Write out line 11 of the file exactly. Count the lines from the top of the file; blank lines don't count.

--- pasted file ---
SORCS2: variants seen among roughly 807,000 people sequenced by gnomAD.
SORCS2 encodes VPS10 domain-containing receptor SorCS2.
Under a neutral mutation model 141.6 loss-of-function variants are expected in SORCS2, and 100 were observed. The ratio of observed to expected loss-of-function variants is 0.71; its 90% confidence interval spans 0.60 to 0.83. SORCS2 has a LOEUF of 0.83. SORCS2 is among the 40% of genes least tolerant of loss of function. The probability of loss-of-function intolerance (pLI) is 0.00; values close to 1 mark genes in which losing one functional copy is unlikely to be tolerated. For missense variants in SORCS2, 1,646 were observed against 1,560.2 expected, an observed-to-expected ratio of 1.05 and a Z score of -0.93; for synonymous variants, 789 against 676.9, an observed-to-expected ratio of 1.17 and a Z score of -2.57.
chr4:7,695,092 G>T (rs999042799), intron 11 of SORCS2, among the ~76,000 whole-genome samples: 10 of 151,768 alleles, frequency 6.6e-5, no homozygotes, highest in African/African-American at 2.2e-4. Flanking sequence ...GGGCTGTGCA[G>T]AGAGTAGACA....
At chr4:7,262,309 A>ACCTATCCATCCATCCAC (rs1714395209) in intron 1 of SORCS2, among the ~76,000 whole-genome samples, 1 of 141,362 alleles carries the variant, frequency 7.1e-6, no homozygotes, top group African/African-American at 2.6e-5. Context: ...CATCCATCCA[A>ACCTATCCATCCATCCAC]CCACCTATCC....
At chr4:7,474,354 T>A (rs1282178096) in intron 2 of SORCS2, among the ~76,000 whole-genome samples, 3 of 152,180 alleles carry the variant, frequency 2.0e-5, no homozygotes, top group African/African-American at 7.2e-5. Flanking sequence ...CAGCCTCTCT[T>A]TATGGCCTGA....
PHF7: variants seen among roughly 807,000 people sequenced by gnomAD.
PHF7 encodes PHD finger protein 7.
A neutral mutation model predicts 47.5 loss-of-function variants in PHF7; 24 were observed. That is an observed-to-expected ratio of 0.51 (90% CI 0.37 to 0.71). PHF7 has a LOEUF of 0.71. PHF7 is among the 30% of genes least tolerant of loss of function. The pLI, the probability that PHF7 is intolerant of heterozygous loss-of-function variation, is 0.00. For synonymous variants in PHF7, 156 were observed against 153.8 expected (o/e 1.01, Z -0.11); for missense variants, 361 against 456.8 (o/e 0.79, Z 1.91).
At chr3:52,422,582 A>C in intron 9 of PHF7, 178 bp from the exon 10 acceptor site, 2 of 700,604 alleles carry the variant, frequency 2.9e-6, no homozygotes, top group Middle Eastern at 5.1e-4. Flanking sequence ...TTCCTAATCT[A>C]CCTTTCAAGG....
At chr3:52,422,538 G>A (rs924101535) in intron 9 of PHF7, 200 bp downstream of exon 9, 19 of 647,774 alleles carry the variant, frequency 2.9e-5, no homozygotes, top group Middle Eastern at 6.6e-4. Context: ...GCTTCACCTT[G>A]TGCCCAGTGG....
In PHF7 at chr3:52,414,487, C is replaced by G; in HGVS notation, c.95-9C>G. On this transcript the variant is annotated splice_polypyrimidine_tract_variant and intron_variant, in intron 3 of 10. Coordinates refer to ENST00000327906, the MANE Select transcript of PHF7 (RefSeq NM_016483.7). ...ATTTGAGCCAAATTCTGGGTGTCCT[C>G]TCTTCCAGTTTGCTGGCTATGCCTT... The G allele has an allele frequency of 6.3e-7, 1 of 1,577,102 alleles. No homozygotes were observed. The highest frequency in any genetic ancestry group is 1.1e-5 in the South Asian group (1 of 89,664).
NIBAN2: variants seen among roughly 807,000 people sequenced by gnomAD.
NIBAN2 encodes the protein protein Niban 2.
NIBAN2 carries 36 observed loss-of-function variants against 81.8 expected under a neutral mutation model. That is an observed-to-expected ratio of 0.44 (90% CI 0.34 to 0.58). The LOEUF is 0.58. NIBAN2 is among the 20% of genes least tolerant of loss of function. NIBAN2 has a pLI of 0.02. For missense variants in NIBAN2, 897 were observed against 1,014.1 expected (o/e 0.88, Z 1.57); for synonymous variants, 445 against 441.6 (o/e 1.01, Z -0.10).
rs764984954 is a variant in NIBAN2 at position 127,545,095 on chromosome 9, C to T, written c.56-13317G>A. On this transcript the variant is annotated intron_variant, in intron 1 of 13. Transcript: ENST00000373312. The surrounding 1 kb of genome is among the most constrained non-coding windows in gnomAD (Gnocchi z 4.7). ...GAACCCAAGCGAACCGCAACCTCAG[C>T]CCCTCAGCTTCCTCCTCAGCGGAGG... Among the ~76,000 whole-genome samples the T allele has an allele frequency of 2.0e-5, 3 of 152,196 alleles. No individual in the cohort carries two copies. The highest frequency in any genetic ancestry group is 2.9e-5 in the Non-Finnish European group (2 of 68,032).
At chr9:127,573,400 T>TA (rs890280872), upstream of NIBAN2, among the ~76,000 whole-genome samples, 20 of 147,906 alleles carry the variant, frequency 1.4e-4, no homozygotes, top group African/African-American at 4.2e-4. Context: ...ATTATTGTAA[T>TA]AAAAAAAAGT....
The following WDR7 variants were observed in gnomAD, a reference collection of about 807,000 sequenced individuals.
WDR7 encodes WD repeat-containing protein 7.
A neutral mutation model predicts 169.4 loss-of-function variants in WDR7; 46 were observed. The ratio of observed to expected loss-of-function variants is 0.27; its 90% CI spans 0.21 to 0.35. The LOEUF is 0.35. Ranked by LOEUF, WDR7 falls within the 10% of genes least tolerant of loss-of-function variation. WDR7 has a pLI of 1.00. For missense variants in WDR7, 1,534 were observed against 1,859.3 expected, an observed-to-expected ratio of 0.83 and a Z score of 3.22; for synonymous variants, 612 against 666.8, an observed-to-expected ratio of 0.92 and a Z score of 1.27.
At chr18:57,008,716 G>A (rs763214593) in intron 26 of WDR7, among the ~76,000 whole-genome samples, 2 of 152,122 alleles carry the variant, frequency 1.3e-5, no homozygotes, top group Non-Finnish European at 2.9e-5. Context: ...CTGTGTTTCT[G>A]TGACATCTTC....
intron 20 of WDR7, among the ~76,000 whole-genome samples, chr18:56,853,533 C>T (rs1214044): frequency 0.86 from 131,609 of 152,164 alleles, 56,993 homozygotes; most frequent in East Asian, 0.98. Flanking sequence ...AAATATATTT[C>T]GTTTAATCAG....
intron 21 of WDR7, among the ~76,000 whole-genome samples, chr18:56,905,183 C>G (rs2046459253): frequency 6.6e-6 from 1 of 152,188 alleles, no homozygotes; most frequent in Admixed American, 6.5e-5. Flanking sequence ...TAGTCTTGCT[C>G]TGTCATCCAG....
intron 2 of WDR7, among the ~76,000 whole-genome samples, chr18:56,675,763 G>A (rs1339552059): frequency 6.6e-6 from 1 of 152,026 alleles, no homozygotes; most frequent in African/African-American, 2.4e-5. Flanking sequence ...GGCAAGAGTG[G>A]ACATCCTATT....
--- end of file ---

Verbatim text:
At chr3:52,422,538 G>A (rs924101535) in intron 9 of PHF7, 200 bp downstream of exon 9, 19 of 647,774 alleles carry the variant, frequency 2.9e-5, no homozygotes, top group Middle Eastern at 6.6e-4. Context: ...GCTTCACCTT[G>A]TGCCCAGTGG....